Wednesday, October 19, 2011

Cueva Ensueno (Dream Cave)

First off, was it a dream or a nightmare? Jeff and I headed out on a SEPRI (cave group) trip that lead us to Cueva Ensueno in the Camuy area. I had just crunched my knee the night before - smacked the kneecap on the road and it was swollen and raw. I needed a diversion from the selling-the-house mess so I figured I'd go anyway and skip the second cave. Cave 1 was a short walk and short cave so I figured it'd be ok. There are different reasons people go into caves- for some it is a totally ruckus affair and totally social and for others, like us, it is a quiet commune-with-nature-and-marvel-at-nature-with quiet friends kind of thing. This trip was ruckus. The cave itself, once I could think, was quite beautiful and very decorated. It was a small cave but it was full of helictites and flowstone. What it lacked in "adventure" (climbing, crawling, swimming etc) it made up for with formations. Here is Dallas working his way through the cave.
The group, like most groups, was too large. 15 people is just too many to move through a cave. Too many personalities, too many "missions," and definitely too many people moving at different paces in tight places. To move carefully you have to have some room so you can stay fluid. When people jam up, whoever is behind has to shift their weight around while they are crouched in uncomfortable positions. People just don't seem to understand this and they don't leave room for fluid movement. This is when formations get bumped, hand prints get on clean formations and things break. Oh well. I always try to be first or last because I move smoothly and quickly. Didn't happen this trip. So back to the beauty. The room was covered on the ceiling with helictites, or what Puerto Rican's call ecentricios (don't know if I spelled that right). I figure that means "eccentrics" or something close to that since they are the anti-gravity grow-in-all-directions formations. This cave has beautiful ones! Here Jeff is pointing out another one...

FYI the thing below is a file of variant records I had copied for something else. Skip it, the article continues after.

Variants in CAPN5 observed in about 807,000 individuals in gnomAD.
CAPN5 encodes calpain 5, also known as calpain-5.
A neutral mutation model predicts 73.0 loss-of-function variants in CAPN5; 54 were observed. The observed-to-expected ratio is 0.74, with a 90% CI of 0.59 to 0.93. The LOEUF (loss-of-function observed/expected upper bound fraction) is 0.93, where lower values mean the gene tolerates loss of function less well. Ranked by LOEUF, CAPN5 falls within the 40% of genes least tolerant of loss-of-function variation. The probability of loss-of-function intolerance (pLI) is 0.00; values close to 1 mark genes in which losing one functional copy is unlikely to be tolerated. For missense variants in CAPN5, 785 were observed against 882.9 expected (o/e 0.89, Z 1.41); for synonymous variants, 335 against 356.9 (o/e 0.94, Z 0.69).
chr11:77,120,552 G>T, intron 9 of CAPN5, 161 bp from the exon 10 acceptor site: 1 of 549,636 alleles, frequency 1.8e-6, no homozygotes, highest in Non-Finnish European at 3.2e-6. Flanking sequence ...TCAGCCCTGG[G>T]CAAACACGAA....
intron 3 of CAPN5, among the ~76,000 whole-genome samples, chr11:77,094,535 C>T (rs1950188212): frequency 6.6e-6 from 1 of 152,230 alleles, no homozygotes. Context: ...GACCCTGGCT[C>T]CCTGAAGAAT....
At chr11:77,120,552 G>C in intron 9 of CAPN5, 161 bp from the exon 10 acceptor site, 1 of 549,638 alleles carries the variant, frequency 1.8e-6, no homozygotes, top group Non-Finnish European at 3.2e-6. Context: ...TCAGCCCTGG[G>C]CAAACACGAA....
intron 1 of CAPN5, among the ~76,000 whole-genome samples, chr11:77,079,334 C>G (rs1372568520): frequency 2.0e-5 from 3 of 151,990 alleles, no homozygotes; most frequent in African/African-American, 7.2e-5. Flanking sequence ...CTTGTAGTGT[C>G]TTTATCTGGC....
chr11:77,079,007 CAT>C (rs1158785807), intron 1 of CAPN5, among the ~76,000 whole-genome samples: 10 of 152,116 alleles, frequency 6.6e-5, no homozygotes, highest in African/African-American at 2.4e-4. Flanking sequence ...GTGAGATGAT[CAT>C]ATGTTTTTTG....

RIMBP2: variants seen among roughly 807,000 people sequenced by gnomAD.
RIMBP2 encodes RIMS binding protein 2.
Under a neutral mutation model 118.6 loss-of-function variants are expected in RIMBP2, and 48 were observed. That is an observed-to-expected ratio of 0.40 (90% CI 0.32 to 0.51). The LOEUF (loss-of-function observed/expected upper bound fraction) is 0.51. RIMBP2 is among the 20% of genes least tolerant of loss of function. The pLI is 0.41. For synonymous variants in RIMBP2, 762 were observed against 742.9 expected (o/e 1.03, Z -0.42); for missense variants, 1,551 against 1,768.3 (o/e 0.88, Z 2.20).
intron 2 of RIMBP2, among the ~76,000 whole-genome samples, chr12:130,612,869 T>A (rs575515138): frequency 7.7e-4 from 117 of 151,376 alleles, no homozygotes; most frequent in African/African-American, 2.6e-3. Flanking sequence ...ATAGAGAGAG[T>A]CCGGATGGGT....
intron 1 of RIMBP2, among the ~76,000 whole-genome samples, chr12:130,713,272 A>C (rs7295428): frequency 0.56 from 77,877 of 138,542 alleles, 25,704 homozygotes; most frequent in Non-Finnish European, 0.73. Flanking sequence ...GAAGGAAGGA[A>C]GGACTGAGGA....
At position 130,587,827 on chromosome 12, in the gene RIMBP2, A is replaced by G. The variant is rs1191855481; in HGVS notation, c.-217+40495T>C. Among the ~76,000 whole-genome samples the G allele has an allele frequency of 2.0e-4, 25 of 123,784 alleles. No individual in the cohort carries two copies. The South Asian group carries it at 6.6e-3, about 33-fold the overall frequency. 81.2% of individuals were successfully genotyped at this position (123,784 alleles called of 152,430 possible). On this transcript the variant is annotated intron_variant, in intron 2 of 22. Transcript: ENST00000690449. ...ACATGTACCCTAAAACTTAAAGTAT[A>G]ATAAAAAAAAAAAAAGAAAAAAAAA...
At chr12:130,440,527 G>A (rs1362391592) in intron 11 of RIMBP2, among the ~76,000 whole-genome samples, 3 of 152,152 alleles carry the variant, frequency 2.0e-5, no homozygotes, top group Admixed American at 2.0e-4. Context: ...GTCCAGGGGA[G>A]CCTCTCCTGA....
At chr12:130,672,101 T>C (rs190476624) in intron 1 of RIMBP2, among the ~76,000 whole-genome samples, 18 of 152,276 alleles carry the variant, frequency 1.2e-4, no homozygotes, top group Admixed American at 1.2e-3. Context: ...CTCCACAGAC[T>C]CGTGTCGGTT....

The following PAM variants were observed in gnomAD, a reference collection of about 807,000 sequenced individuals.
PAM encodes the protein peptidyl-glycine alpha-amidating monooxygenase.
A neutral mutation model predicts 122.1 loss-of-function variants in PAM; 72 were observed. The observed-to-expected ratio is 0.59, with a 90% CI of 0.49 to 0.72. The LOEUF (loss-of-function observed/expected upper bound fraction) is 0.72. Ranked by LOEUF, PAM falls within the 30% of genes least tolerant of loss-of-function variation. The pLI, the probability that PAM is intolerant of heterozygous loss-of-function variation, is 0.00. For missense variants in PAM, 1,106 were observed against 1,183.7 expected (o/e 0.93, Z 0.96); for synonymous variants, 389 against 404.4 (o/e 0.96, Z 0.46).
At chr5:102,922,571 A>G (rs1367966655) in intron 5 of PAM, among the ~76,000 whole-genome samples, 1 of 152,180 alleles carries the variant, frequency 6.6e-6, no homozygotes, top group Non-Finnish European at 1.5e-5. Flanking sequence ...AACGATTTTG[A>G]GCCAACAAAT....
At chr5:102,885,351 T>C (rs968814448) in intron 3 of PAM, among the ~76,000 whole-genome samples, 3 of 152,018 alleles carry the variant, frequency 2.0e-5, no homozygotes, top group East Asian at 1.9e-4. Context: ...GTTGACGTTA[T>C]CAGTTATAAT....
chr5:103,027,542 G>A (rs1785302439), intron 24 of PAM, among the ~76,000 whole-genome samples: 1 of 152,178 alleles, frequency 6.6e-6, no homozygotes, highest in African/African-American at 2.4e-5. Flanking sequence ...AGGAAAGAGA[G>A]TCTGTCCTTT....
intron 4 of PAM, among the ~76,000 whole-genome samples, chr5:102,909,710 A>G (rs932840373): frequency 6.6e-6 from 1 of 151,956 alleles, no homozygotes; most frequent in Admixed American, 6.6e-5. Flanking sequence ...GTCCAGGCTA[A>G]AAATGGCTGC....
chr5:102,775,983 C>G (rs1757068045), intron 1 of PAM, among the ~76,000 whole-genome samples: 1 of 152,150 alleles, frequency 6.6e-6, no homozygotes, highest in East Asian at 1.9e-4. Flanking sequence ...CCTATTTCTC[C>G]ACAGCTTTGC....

Here it is up close. At the end there were the drippy, candle-wax flowstone formations. Perfect for Halloween.
This was my favorite formation of all - a giant slab of bacon hanging from the ceiling. With the bacon and helictites it is clear where Chihoully got his inspiration (underground and underwater and flowers I think). Nature's chandeliers trump anything man comes up with.This formation was HUGE!
It was also very clean and well-formed. It was very high up so it was intact without damage.
More helectites..
The water drops show that the formations are still growing.
Here Bro is on his way out. Above him are lots of stalactites and shields.
Leave the dog a bone.
The jungle walk is always full of beauty as well. Here a palm has a multi-colored trunk. I'll leave out the worst nightmare. Sweet dreams!

1 comment:

naltrexone said...

Magical photos! Thanks for sharing. I have some cave photo's as well, but they are not so beautiful like yours.